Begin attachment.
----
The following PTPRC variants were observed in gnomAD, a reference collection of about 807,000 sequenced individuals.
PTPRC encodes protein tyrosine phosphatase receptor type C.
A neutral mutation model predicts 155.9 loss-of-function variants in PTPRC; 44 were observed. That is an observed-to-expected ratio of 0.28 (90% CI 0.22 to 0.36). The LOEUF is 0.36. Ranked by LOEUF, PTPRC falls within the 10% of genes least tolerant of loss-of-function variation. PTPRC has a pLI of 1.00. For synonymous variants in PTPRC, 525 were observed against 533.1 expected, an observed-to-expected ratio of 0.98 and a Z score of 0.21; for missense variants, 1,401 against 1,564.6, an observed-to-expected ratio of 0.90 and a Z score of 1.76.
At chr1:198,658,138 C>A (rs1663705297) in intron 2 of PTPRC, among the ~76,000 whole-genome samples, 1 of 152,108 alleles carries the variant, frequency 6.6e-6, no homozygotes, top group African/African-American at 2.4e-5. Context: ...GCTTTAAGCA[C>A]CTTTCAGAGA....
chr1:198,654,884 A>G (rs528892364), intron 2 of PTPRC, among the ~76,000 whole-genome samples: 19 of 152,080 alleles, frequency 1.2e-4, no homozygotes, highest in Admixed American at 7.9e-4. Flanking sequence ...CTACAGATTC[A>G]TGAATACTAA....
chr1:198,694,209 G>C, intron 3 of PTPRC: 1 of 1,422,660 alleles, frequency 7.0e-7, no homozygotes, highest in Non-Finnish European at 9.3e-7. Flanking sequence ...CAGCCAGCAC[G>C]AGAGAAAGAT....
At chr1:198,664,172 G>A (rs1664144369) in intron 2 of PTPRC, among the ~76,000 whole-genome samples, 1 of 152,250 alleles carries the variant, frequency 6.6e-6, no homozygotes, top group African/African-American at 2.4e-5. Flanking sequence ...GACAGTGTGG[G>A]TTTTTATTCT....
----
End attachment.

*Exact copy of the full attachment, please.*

The following PTPRC variants were observed in gnomAD, a reference collection of about 807,000 sequenced individuals.
PTPRC encodes protein tyrosine phosphatase receptor type C.
A neutral mutation model predicts 155.9 loss-of-function variants in PTPRC; 44 were observed. That is an observed-to-expected ratio of 0.28 (90% CI 0.22 to 0.36). The LOEUF is 0.36. Ranked by LOEUF, PTPRC falls within the 10% of genes least tolerant of loss-of-function variation. PTPRC has a pLI of 1.00. For synonymous variants in PTPRC, 525 were observed against 533.1 expected, an observed-to-expected ratio of 0.98 and a Z score of 0.21; for missense variants, 1,401 against 1,564.6, an observed-to-expected ratio of 0.90 and a Z score of 1.76.
At chr1:198,658,138 C>A (rs1663705297) in intron 2 of PTPRC, among the ~76,000 whole-genome samples, 1 of 152,108 alleles carries the variant, frequency 6.6e-6, no homozygotes, top group African/African-American at 2.4e-5. Context: ...GCTTTAAGCA[C>A]CTTTCAGAGA....
chr1:198,654,884 A>G (rs528892364), intron 2 of PTPRC, among the ~76,000 whole-genome samples: 19 of 152,080 alleles, frequency 1.2e-4, no homozygotes, highest in Admixed American at 7.9e-4. Flanking sequence ...CTACAGATTC[A>G]TGAATACTAA....
chr1:198,694,209 G>C, intron 3 of PTPRC: 1 of 1,422,660 alleles, frequency 7.0e-7, no homozygotes, highest in Non-Finnish European at 9.3e-7. Flanking sequence ...CAGCCAGCAC[G>C]AGAGAAAGAT....
At chr1:198,664,172 G>A (rs1664144369) in intron 2 of PTPRC, among the ~76,000 whole-genome samples, 1 of 152,250 alleles carries the variant, frequency 6.6e-6, no homozygotes, top group African/African-American at 2.4e-5. Flanking sequence ...GACAGTGTGG[G>A]TTTTTATTCT....